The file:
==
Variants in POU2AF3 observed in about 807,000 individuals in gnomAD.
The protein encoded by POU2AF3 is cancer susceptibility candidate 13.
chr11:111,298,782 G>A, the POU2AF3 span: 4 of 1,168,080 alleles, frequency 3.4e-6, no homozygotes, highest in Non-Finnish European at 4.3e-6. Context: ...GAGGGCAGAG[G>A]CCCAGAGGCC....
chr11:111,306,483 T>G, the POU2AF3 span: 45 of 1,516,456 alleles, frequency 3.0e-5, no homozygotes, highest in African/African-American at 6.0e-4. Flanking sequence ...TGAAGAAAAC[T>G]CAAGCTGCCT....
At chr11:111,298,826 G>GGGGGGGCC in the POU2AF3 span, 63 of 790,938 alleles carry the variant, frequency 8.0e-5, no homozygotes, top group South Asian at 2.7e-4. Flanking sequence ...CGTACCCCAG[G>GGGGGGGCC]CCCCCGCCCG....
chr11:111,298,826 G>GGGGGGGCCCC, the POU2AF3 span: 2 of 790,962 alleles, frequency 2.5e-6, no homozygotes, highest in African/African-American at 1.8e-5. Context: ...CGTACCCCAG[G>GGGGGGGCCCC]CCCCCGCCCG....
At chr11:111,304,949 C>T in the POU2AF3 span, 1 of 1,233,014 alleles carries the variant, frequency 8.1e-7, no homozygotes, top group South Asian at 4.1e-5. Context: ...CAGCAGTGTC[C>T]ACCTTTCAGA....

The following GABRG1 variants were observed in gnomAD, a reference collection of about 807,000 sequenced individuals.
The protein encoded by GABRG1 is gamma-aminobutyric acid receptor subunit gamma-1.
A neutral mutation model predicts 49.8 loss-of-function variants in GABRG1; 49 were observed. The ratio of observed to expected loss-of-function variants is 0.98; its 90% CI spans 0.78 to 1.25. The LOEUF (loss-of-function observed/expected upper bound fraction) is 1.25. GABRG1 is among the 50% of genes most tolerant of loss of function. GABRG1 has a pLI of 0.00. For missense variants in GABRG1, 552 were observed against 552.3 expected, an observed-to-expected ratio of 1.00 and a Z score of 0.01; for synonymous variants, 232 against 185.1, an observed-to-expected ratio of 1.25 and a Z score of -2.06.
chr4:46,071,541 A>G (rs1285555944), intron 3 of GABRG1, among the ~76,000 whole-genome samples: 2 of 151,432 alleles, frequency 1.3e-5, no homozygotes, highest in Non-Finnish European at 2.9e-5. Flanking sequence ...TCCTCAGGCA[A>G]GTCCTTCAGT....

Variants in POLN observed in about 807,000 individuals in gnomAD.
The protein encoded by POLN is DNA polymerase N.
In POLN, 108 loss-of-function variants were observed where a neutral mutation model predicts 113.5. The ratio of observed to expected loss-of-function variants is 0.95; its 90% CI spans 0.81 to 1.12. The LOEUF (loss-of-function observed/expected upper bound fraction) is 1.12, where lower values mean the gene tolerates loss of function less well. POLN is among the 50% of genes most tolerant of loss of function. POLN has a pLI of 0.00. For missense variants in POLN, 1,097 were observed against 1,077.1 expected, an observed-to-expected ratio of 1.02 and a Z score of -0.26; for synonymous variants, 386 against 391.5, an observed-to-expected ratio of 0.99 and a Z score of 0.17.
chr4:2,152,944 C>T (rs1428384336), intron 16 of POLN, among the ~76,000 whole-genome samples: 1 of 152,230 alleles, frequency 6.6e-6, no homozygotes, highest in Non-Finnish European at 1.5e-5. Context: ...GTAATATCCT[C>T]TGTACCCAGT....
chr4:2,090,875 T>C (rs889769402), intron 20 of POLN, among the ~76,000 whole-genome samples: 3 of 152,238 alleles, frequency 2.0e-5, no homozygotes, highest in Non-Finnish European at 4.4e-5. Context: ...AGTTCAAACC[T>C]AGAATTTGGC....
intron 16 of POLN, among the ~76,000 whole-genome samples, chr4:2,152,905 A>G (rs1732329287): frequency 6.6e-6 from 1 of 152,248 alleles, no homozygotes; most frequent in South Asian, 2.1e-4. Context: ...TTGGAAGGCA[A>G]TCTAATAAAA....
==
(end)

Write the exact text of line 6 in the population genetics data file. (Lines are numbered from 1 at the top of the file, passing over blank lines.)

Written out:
chr11:111,298,826 G>GGGGGGGCCCC, the POU2AF3 span: 2 of 790,962 alleles, frequency 2.5e-6, no homozygotes, highest in African/African-American at 1.8e-5. Context: ...CGTACCCCAG[G>GGGGGGGCCCC]CCCCCGCCCG....